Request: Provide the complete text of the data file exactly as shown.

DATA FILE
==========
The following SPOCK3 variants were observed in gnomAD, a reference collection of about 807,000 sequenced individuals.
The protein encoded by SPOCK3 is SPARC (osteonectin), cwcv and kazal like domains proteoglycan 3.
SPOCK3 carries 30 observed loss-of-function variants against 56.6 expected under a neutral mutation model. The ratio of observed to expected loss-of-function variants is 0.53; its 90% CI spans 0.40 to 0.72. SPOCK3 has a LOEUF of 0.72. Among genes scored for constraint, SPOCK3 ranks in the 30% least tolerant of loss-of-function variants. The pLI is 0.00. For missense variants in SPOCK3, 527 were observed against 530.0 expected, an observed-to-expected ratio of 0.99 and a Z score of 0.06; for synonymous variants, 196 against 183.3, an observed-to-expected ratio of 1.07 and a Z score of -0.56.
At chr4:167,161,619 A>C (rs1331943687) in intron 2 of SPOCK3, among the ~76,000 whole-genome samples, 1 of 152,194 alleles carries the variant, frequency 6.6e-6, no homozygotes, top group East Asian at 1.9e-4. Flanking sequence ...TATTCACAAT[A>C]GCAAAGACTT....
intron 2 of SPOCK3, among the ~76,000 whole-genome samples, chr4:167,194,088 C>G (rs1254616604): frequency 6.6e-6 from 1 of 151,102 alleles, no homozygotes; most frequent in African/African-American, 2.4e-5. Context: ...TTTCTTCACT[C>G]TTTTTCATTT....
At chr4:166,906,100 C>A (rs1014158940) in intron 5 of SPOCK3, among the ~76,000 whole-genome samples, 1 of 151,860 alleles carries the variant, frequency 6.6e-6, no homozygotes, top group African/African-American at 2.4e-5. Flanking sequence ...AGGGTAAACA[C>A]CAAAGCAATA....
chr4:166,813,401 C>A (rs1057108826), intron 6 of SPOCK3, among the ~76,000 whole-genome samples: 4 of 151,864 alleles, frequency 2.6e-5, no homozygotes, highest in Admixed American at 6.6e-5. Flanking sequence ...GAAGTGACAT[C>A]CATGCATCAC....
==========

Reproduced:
The following SPOCK3 variants were observed in gnomAD, a reference collection of about 807,000 sequenced individuals.
The protein encoded by SPOCK3 is SPARC (osteonectin), cwcv and kazal like domains proteoglycan 3.
SPOCK3 carries 30 observed loss-of-function variants against 56.6 expected under a neutral mutation model. The ratio of observed to expected loss-of-function variants is 0.53; its 90% CI spans 0.40 to 0.72. SPOCK3 has a LOEUF of 0.72. Among genes scored for constraint, SPOCK3 ranks in the 30% least tolerant of loss-of-function variants. The pLI is 0.00. For missense variants in SPOCK3, 527 were observed against 530.0 expected, an observed-to-expected ratio of 0.99 and a Z score of 0.06; for synonymous variants, 196 against 183.3, an observed-to-expected ratio of 1.07 and a Z score of -0.56.
At chr4:167,161,619 A>C (rs1331943687) in intron 2 of SPOCK3, among the ~76,000 whole-genome samples, 1 of 152,194 alleles carries the variant, frequency 6.6e-6, no homozygotes, top group East Asian at 1.9e-4. Flanking sequence ...TATTCACAAT[A>C]GCAAAGACTT....
intron 2 of SPOCK3, among the ~76,000 whole-genome samples, chr4:167,194,088 C>G (rs1254616604): frequency 6.6e-6 from 1 of 151,102 alleles, no homozygotes; most frequent in African/African-American, 2.4e-5. Context: ...TTTCTTCACT[C>G]TTTTTCATTT....
At chr4:166,906,100 C>A (rs1014158940) in intron 5 of SPOCK3, among the ~76,000 whole-genome samples, 1 of 151,860 alleles carries the variant, frequency 6.6e-6, no homozygotes, top group African/African-American at 2.4e-5. Flanking sequence ...AGGGTAAACA[C>A]CAAAGCAATA....
chr4:166,813,401 C>A (rs1057108826), intron 6 of SPOCK3, among the ~76,000 whole-genome samples: 4 of 151,864 alleles, frequency 2.6e-5, no homozygotes, highest in Admixed American at 6.6e-5. Flanking sequence ...GAAGTGACAT[C>A]CATGCATCAC....